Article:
Open Source ERP Solutions To Consider

If you read my post 3 Core Business Processes Open Source ERP Must Support you already know that there are at least 402 open source software projects listed as ERP solutions in Sourceforge. You also know what are the core scenarios a real ERP solution should support.
One of Open Source ERP Guru’s main objectives is to provide valuable information for companies looking into ERP solutions in general and open source ERP solutions in particular, and the first thing to do is to narrow the list of 402 down to a more manageable number.

The following is a list of open source ERP solutions that can be called ‘true’ ERP, are open source and (at least partly) freely available:

Compiere– Probably the most commercially successful open source ERP solution on the market today. It’s been around for a few years now (I remember visiting their website a couple of years ago, all the graphics was sketched) and successfully developed a large ecosystem around the product – training,documentation and most important, world-wide partners.They were also able to raise some funding (I think it was 6M$). For any ERP project,establishing a strong,global network of implementation partners is crucial for success.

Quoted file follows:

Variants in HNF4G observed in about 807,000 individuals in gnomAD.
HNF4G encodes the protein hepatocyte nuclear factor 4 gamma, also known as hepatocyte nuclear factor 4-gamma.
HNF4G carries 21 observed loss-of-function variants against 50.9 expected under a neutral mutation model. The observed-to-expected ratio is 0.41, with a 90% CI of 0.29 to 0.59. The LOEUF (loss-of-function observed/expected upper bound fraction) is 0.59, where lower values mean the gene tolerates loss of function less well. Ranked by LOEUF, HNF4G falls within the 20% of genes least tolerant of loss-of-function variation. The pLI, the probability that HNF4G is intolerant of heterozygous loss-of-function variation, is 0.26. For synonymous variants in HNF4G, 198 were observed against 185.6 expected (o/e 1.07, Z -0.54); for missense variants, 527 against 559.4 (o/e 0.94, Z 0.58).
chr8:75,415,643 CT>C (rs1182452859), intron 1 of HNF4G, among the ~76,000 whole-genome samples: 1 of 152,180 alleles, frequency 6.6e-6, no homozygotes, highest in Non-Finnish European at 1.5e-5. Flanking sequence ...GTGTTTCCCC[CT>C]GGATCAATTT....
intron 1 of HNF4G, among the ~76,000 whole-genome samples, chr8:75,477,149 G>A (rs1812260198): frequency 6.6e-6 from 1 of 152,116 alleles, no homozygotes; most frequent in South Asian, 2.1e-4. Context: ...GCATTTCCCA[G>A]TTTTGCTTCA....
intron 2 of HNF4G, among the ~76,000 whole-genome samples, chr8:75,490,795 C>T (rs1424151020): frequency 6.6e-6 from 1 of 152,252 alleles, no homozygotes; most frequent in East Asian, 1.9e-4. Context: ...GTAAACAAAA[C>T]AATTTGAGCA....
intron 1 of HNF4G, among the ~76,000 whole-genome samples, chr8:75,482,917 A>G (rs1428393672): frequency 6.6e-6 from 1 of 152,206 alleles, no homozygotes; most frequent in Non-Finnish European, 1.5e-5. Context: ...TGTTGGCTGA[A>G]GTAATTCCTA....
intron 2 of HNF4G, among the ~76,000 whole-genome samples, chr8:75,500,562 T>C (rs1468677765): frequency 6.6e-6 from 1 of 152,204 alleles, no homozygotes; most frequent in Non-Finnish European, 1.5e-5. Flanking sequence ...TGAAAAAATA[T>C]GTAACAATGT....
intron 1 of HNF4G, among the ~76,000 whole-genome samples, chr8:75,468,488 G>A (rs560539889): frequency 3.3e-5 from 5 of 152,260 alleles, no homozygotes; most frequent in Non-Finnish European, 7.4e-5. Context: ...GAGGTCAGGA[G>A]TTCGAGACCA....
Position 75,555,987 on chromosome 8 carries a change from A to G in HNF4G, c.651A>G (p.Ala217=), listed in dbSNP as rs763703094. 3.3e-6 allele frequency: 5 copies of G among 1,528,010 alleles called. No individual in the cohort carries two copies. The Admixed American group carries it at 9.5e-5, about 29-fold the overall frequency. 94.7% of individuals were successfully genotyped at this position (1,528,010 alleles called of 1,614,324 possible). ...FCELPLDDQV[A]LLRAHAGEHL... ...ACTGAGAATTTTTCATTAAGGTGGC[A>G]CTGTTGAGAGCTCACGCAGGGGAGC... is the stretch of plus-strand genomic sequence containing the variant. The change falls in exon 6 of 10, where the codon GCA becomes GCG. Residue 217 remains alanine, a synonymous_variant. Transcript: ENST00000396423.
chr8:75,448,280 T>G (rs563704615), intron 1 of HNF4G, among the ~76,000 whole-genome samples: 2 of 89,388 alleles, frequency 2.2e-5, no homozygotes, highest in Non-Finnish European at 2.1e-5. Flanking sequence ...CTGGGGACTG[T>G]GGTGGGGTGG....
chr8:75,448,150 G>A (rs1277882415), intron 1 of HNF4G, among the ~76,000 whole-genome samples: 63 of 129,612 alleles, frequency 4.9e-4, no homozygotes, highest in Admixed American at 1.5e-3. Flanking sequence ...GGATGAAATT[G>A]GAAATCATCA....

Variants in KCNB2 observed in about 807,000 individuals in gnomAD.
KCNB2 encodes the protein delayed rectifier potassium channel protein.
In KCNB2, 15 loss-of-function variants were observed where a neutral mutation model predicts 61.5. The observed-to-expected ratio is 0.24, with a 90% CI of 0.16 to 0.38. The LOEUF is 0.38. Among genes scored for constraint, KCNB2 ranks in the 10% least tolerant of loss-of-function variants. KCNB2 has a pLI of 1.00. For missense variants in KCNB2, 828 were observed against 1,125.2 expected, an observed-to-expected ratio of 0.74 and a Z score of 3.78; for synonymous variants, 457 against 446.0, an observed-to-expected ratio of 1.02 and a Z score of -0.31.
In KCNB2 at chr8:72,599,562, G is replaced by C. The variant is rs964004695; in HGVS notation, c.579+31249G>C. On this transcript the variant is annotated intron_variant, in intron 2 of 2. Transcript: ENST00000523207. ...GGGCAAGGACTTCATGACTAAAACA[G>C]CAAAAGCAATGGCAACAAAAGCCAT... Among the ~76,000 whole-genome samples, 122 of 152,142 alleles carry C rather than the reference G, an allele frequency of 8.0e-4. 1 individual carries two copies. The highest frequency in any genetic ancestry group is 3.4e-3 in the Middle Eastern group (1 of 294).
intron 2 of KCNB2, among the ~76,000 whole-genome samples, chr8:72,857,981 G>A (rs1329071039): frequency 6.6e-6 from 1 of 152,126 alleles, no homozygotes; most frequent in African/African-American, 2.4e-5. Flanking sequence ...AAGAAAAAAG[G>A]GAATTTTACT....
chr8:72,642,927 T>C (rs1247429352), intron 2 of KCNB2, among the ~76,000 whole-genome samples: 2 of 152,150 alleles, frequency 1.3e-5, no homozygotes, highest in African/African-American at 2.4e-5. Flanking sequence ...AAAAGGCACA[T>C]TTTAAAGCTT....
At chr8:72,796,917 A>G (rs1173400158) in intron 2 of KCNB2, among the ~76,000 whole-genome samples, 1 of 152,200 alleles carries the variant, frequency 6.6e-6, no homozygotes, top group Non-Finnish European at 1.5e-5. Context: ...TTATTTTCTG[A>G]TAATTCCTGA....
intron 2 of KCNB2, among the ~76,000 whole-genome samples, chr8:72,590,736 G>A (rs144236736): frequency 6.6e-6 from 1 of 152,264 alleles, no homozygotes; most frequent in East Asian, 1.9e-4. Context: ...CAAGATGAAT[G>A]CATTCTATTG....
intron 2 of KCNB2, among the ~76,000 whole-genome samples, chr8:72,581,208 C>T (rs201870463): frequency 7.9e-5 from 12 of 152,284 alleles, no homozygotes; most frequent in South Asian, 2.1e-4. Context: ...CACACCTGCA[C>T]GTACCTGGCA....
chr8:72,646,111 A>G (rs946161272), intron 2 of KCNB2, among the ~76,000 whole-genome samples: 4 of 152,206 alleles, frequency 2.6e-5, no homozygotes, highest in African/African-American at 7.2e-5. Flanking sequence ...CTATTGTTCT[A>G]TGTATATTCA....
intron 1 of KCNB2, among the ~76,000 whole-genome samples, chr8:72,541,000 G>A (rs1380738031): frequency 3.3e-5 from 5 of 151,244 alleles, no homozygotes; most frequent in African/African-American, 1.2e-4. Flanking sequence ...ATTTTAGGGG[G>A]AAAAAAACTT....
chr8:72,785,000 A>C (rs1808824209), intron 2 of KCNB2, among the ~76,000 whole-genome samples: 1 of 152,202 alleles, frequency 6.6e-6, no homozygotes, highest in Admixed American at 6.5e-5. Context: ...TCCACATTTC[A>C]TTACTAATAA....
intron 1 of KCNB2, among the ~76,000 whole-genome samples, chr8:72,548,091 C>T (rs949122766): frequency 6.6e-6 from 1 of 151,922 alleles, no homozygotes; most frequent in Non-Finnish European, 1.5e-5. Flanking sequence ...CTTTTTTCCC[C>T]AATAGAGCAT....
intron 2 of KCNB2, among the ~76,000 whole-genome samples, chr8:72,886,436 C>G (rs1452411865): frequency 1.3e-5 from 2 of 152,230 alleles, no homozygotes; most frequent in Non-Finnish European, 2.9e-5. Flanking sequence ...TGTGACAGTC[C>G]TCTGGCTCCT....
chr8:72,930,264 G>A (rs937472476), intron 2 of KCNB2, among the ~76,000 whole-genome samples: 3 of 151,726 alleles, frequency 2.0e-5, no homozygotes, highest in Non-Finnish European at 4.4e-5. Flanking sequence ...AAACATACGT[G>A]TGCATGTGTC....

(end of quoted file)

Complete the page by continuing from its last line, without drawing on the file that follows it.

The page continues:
There are a couple of issues that have to be raised in regards to Compiere and open source – since they started developing their product,they relied solely on Oracle’s database software. Oracle’s database is not open source and is not free. For hardcore open source devotees, if you write an open source software that relies on non open source components, you are not open source.